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Exporters lament new rules on export conversion

a year ago

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  • Significant gap between USD selling, buying rate discourage exporters: NCE
  • Encourage exporters instead of imposing these regulations: COSMI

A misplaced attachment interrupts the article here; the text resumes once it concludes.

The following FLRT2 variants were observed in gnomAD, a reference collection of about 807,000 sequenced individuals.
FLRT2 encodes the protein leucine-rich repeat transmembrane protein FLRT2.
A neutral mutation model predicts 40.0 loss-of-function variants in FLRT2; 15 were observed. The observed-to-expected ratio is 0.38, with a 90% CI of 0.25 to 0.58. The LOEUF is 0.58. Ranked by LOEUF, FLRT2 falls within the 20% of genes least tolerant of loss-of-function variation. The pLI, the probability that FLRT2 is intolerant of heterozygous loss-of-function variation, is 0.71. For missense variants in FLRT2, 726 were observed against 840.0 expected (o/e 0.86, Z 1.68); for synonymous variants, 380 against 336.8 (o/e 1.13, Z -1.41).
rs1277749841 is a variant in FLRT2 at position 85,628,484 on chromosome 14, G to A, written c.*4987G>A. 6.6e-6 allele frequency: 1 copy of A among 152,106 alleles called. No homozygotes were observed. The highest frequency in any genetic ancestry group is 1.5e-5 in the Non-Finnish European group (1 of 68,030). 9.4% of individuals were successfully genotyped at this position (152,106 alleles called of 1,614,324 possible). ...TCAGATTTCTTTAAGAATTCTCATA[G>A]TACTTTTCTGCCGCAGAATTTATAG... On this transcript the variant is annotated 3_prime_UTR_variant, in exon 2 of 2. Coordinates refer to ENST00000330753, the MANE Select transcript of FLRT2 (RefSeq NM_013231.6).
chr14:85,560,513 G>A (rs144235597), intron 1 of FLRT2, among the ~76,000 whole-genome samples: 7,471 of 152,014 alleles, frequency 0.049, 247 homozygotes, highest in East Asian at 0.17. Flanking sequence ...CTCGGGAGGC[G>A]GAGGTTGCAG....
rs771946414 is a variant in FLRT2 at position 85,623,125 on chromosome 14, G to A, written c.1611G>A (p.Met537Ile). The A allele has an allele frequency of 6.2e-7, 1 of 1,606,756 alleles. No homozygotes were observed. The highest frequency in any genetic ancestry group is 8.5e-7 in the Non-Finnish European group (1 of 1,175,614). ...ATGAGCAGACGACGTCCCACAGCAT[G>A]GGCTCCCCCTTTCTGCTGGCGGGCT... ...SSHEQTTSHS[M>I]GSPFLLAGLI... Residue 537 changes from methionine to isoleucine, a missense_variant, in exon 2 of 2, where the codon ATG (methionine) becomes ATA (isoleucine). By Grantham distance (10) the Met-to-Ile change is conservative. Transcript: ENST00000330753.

By Imsha Iqbal Exporters expressed their dismay over the new rules that were issued concerning the repatriation of export proceeds into Sri Lanka and conversion of such export proceeds to Sri Lankan rupees (LKR) due to further diminishing forex by the Central Bank of Sri Lanka (CBSL). Speaking to The Morning Business, National Chamber of Exporters of Sri Lanka (NCE) Secretary-General and Chief Executive Officer (CEO) Shiham Marikar stated: “First is the country. If the country is facing a shortage in foreign currency, and if the country needs exporters to convert the currency, there is no problem in that,” he said, adding that export conversion has become a need of the hour, and the exporters are willing to do so.  However, Marikar suggested that there is a necessity for a mechanism for the exporters to pay their suppliers, and pay for the raw materials that are needed for the export production “without any hassle”. He further said that this particular mechanism needs to fulfill the need to convert the currency to US dollars while there should not be a considerable gap in the buying as well as the selling rate, explaining: “It is because the exporters are not in a position to bear additional expense resulting in currency conversion since they are working on thin margins.” He added that the exporters are worried about sustaining their business in terms of maintaining price to the international buyers while bearing the additional expenses that were created due to the pandemic. The Morning Business also contacted Confederation of Micro, Small, and Medium Industries (COSMI) Founder President Nawaz Rajabdeen, who said: “This will have a drawback on the exporters,” saying that the exporters already have encountered revenue decrease with the adverse impact due to the pandemic. “Exporters bring here (to the country) dollar value, at least they should give an incentive,” he said. He said that there are 1.4 million micro and small sectors, and 70% of them are dead or affected. Regarding the vehicle import halt that is in place due to the forex crisis, he added: “600 or over 600 car importers are suffering since the last two years, which subsequently has created unemployment. We (COSMI) have suggested alternatives since we (Sri Lankans) do not have dollars. The Sri Lankans who live abroad over three years can send ‘gift cars’ which would revise the economy of the country and its people.” Rajabdeen further suggested that before the upcoming Budget, the Finance Minister Basil Rajapaksa needs to summon all the regional as well as the district chambers for their views on the matter, stressing that these decisions need to be people-centric so that those chambers also can contribute to better decision making, foreseeing the shortcomings of the people, saying that one cannot draw up a Budget in an air-conditioned room. The new rules that were issued by the Monetary Board of the CBSL of repatriation of exports were said to be applicable for both exporters of goods and services in Sri Lanka under the Extraordinary Gazette No. 2251/42, dated 28 October 2021. Accordingly, CBSL issued five authorised payments for as outward remittances in respect of current transactions, withdrawal in foreign currency notes as permitted, debt servicing expenses, and repayment of foreign currency loans, purchases of goods, and obtaining services including one-month commitments and payments in respect of making investments in Sri Lanka Development Bonds in foreign currency up to 10% of the export proceeds.

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